• It legally binds you to hidden or misleading terms or agreements you weren’t made aware of at the time of signing the contract for your mortgage
  • It charges you an unfairly large sum as a penalty if you breach your side of the deal for any reason (e.g. miss a repayment date or amount)
  • It could be read or interpreted in more than one way and the contract doesn’t specify which is the correct way it should be understood
  • It doesn’t use clear wording to describe the mortgage you are signing up for or the costs involved in doing so

In reality, this could look like a whole host of different things. Even something as trivial as terms and conditions being printed too small for anyone to read is an error that could be deemed as unfair and make the contract unenforceable.

The only way to check if your contract terms are potentially unfair would be to get out your mortgage paperwork and do some reading yourself or have a legal professional check for you. A list of common unfair reasons can be found in the online version of the UTCCR.

What to Do if You Think Your Mortgage Contract Terms Are Unfair

Ultimately, only a court of law can decide whether contract terms are fair. But if you think you’ve signed a contract where the terms were unfair, tell the Financial Conduct Authority about it.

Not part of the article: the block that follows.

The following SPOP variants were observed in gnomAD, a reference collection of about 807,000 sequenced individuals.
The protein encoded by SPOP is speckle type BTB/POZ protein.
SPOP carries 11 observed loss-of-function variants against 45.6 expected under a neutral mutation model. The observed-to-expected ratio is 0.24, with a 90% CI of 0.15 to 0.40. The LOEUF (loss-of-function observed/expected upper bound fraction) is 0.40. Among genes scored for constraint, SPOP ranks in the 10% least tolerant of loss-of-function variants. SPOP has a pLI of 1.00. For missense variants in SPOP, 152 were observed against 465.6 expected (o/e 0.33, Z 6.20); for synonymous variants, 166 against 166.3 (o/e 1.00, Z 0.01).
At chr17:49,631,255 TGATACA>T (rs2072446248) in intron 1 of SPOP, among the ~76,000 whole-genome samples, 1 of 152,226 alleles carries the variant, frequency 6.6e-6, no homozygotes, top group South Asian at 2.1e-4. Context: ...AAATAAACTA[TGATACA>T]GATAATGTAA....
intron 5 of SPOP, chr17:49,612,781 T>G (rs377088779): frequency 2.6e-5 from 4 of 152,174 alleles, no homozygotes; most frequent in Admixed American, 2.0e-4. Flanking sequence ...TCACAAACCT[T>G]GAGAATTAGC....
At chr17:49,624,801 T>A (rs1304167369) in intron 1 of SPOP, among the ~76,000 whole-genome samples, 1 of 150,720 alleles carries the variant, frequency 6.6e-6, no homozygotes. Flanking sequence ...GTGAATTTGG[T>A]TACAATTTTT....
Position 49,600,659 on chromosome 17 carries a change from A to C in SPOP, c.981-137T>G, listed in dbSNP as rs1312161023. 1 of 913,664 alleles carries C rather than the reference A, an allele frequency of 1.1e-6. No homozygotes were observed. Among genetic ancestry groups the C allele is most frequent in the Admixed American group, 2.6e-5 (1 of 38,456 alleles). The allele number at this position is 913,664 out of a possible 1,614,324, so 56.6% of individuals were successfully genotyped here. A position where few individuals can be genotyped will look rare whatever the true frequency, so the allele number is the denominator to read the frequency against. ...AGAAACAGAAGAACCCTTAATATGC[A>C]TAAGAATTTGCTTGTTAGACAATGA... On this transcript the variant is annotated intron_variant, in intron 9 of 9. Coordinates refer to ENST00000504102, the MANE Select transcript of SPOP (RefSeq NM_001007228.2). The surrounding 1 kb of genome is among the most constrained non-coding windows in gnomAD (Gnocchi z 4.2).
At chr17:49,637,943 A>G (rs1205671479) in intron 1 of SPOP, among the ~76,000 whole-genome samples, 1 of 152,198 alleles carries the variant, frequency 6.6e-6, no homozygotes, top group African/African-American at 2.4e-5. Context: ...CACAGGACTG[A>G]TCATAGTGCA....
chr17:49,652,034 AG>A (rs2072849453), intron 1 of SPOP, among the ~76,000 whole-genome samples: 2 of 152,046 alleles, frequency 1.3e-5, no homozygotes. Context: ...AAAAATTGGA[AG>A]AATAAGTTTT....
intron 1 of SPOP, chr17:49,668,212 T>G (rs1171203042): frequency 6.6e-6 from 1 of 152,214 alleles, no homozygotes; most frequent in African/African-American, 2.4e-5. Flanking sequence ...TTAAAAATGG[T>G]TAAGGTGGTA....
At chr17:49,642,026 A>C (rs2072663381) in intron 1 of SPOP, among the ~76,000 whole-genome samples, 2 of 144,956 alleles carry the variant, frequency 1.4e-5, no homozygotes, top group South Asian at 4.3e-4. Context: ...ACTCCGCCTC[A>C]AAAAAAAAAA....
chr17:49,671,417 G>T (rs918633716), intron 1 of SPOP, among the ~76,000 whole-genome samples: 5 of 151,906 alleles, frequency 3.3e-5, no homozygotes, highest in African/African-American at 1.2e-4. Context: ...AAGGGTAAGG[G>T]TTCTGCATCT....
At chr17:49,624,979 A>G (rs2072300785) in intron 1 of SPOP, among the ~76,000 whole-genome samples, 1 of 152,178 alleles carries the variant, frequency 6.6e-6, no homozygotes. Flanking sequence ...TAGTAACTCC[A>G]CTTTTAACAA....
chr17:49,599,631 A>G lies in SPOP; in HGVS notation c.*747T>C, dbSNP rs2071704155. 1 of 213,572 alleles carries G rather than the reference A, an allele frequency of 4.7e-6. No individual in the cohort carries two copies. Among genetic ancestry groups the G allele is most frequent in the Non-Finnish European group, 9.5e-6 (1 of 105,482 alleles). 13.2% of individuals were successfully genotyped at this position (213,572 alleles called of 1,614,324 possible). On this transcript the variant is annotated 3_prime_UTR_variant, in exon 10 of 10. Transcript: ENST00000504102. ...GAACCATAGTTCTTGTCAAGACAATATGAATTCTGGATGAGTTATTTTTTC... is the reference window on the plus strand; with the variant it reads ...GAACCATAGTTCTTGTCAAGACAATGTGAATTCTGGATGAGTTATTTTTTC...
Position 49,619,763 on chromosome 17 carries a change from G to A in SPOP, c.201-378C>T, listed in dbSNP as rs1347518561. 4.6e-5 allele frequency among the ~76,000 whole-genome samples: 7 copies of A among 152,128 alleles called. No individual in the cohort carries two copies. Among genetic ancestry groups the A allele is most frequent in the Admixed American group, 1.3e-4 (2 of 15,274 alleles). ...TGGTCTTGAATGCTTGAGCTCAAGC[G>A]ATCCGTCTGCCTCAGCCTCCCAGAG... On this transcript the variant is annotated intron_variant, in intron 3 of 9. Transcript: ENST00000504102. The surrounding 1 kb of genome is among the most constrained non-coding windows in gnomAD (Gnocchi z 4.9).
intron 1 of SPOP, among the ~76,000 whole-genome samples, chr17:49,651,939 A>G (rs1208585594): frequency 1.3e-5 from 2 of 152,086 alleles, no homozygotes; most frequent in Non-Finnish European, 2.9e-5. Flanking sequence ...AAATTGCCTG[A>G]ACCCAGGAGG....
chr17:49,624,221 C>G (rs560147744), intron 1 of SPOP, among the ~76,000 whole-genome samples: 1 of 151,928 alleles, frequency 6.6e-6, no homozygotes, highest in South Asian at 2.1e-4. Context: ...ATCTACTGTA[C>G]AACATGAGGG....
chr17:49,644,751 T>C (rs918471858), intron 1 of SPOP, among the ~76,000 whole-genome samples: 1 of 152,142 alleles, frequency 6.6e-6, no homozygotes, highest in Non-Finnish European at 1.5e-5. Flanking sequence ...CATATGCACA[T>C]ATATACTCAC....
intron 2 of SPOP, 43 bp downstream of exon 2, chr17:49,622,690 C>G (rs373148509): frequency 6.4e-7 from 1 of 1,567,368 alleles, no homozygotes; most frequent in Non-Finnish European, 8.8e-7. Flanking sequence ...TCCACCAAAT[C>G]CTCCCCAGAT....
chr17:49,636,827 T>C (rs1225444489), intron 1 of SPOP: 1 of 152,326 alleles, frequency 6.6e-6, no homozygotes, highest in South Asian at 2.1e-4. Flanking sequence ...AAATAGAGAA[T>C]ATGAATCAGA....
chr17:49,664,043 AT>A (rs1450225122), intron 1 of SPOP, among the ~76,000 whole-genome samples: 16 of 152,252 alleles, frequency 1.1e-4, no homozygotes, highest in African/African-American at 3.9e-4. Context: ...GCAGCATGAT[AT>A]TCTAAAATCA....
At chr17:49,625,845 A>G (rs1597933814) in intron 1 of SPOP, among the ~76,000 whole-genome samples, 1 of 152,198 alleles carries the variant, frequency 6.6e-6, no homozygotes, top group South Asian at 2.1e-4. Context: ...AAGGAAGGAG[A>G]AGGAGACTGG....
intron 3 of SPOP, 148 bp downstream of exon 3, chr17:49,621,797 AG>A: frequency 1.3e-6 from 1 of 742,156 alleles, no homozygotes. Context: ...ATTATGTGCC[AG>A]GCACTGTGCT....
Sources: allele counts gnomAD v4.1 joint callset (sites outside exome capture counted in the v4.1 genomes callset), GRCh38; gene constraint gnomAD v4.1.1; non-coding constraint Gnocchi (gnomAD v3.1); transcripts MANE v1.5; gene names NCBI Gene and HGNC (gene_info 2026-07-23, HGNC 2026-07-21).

They will investigate for you and take action if they deem it necessary. They can also help you claim any compensation you are owed from your mortgage lender or advisor.

Have You Been Mis-Sold Your Mortgage?

The rules around unfair contracts are pretty complex. Even if your complaint doesn’t quite tick the strict boxes for being unfair, it still might’ve been mis-sold to you.

Mortgage mis-selling is tipped to possibly be the next big financial scandal. Mis-selling is a broad term that covers everything from negligent advice to malicious dodgy dealings. If it turns out you’ve been mis-sold your mortgage, you could be entitled to compensation.

Signs Your Mortgage May Have Been Mis-Sold

  • It's unaffordable. Your lender or broker must ensure that it's affordable to you both at the time it's sold to you and for the rest of the term. If this isn't the case and you've fallen behind on payments, then you may be able to claim for losses from day one.